Disability ministry is about coming alongside people affected by disability to serve, encourage, and celebrate their personhood. When we consider our physical bodies, it is amazing to see how God designed us to adjust when parts are missing or injured. There are countless stories of people overcoming the odds to find success in varying fields despite, and sometimes because of, their disabilities. Do our churches provide the same opportunities to excel for individuals affected by disability? Do we work to fully embrace all people and welcome them into the body of Christ? We are doing a disservice to people affected by disability, to our churches, and to God when we exclude and marginalize parts of the body. The heart of the church is incomplete when it is unwilling to embrace and celebrate individuals affected by disability. Their absence might be a result of inaccessible facilities or a lack of programs, but more often it is a heart issue within our churches. We naturally gravitate towards those who think, talk, and act like we do, sometimes shunning those who are different. But when we do this, we fail to experience the beauty of learning from our differences. Consider the impact of serving on a missions trip in a foreign country. Often, the experience is heightened due to the cultural differences between nations. In the midst of serving people that we think are so different from ourselves, we learn that our similarities outnumber our differences. When we spend time with and listen to others, their unique perspectives, experiences, and feelings bring us great insight and expand our appreciation of life.

So, what can people affected by disability offer to our churches? I believe they offer the same things that people not affected by disability might offer—a heart of worship, an understanding of God, and a commitment to pursuing Christ. Everybody has skills and talents, passions and gifts that contribute to the overall well-being of the church body. Having a physical or cognitive disability should, in no way, diminish this fact. The gifts of the Spirit are not limited to those who “fit in” with our programs and ministries. They are not limited to those who might navigate a church platform without assistance. They are not limited to individuals without sensory issues. Rather, “as each has received a gift, use it to serve one another, as good stewards of God’s varied grace.” (1 Peter 4:10, emphasis mine)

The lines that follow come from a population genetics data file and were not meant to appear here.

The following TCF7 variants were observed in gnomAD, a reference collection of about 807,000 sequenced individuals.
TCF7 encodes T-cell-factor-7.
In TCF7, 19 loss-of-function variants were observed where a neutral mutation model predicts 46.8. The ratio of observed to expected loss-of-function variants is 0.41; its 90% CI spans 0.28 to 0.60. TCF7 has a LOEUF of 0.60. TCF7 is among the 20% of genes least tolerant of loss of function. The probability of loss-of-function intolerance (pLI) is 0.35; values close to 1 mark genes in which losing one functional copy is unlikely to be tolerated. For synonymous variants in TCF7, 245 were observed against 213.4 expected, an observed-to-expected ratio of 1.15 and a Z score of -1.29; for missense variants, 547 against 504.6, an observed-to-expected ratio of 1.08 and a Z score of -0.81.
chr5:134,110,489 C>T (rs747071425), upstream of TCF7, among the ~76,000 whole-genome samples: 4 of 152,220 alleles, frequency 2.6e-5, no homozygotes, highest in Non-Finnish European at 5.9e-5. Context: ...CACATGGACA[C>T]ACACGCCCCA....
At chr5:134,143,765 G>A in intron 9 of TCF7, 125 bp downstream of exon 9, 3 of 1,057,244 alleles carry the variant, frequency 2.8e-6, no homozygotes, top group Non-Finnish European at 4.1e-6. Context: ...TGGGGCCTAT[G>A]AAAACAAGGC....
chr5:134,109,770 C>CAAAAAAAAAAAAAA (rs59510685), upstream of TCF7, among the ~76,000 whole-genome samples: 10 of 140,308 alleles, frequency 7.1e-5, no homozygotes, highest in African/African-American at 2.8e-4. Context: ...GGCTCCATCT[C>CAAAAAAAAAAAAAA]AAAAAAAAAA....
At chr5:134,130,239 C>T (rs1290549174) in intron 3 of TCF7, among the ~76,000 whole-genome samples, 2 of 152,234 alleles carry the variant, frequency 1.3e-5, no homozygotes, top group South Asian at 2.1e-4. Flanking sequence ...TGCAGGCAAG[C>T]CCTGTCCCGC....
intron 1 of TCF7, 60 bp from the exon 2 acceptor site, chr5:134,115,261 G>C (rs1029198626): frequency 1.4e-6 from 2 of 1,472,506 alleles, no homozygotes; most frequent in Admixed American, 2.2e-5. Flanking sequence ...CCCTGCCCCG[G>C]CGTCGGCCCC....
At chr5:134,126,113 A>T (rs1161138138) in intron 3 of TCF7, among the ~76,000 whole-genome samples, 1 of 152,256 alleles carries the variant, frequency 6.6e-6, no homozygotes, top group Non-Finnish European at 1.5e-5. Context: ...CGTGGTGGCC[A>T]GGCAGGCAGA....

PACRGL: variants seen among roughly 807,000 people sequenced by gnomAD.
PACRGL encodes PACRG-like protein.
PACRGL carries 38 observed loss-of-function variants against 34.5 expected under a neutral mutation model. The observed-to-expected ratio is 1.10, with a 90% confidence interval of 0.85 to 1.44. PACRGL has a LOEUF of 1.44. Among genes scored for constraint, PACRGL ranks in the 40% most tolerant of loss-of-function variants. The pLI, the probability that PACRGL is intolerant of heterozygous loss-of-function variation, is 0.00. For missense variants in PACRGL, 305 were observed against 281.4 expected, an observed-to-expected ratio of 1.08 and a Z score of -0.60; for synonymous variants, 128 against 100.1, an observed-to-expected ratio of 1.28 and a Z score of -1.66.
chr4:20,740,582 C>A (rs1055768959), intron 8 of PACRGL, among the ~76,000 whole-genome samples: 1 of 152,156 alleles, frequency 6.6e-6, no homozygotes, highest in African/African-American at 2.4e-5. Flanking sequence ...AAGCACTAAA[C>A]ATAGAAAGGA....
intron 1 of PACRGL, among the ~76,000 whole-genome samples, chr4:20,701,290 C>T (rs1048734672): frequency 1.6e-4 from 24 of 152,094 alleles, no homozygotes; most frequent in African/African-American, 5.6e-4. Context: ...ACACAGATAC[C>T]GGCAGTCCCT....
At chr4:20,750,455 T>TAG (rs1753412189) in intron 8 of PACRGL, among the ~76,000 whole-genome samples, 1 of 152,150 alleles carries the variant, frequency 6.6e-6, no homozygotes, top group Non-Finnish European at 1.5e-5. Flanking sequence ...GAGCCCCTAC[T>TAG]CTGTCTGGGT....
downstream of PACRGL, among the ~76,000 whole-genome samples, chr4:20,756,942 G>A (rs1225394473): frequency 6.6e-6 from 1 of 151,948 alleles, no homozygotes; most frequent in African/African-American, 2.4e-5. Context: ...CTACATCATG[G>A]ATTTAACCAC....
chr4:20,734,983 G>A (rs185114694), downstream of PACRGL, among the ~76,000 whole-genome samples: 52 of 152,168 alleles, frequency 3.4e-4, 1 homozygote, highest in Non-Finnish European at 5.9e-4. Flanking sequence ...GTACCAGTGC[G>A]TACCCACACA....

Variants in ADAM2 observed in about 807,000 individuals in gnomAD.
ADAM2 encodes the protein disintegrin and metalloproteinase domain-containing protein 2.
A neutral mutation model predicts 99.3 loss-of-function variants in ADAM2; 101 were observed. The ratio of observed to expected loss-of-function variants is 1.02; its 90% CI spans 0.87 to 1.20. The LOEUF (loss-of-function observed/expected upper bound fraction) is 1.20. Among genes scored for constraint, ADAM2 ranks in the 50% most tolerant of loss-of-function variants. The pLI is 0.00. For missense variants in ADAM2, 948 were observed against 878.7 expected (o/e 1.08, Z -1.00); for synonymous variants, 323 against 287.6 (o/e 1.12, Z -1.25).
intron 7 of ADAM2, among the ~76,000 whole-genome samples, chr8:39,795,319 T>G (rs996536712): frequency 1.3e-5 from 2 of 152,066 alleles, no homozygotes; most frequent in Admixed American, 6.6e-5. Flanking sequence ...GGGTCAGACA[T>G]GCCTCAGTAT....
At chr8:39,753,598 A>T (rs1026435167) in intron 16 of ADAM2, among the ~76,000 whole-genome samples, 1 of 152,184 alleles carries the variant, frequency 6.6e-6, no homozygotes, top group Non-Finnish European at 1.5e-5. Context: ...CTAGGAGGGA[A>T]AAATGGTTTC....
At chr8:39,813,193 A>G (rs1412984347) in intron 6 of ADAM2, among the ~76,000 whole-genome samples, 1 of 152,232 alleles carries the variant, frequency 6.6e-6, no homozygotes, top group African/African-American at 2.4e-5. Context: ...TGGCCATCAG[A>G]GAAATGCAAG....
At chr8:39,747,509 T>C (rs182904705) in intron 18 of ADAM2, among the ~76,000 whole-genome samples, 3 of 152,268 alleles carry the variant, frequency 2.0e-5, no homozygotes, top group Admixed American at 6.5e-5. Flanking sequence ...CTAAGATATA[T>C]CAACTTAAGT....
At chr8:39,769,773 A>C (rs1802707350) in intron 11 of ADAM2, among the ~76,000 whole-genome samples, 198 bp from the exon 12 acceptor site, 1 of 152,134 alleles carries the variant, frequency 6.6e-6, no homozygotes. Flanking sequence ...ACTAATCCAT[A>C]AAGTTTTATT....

In addition, 2 Corinthians 9:8 (NLT) reminds us that “God will generously provide all you need. Then you will always have everything you need and plenty left over to share with others.” The body of Christ is complete when members are not only able to receive the gifts that God has for them, but to generously share those gifts with others inside and outside of the church environment. Too many of our churches are missing out on the abundant blessings that are wrapped within the lives of people affected by disability. We often see brokenness suffering, and disability first – this skews our ability to see the image of God in every man, woman, and child.

Jesus died on the cross for salvation – not just for the Jews, but for all people. It is through his sacrifice that all are welcome, all are included, all are celebrated. It is worth repeating that everybody has purpose, everybody has dreams, and those who might seem weaker are truly indispensable members of the church. We are compelled by the God to make space for them; not merely a seat on Sunday mornings, but by opening the doors to ministry, servanthood, and leadership. The body of Christ reflects God’s will when all people are evangelized and discipled by the Word and disability is not a hindrance. Let us come together, make every reasonable accommodation, and see our churches become the community that God originally intended.


1.   https://www.blueletterbible.org/Comm/​guzik​_david/​StudyGuide​_Eph/​Eph_4.​cfm​?a​=1101016

The Body of Christ

The most basic definition of leadership is influence. Whether you are a senior pastor, a ministry leader, a volunteer, or a parent (or any combination of these), your leadership is about the people you influence and how they respond. Influence is powerful, and you have the capacity to make a difference for generations to come. Influence can be good or bad. In order to share God’s grace with those we serve, we must embrace his grace in our own lives. His grace paves the way for all people to be included, for all people to be welcomed, for all people to have a place of belonging in our churches. My prayer for myself, and for everyone reading this book, is that the grace of God will guide our leadership and our influence on others.

So, what are some of the ways that God might use disability ministry to influence your church, your families and your community?

  • Your Church—We have already established that the church is not really complete unless we are including and embracing people of all abilities. The gospel is intended for every tongue, tribe and nation. Until our churches compel people affected by disability to fully belong, there will be a gap. The mission and health of the church is dependent upon everybody being able to not only experience God, but also to use their gifts to encourage and inspire others.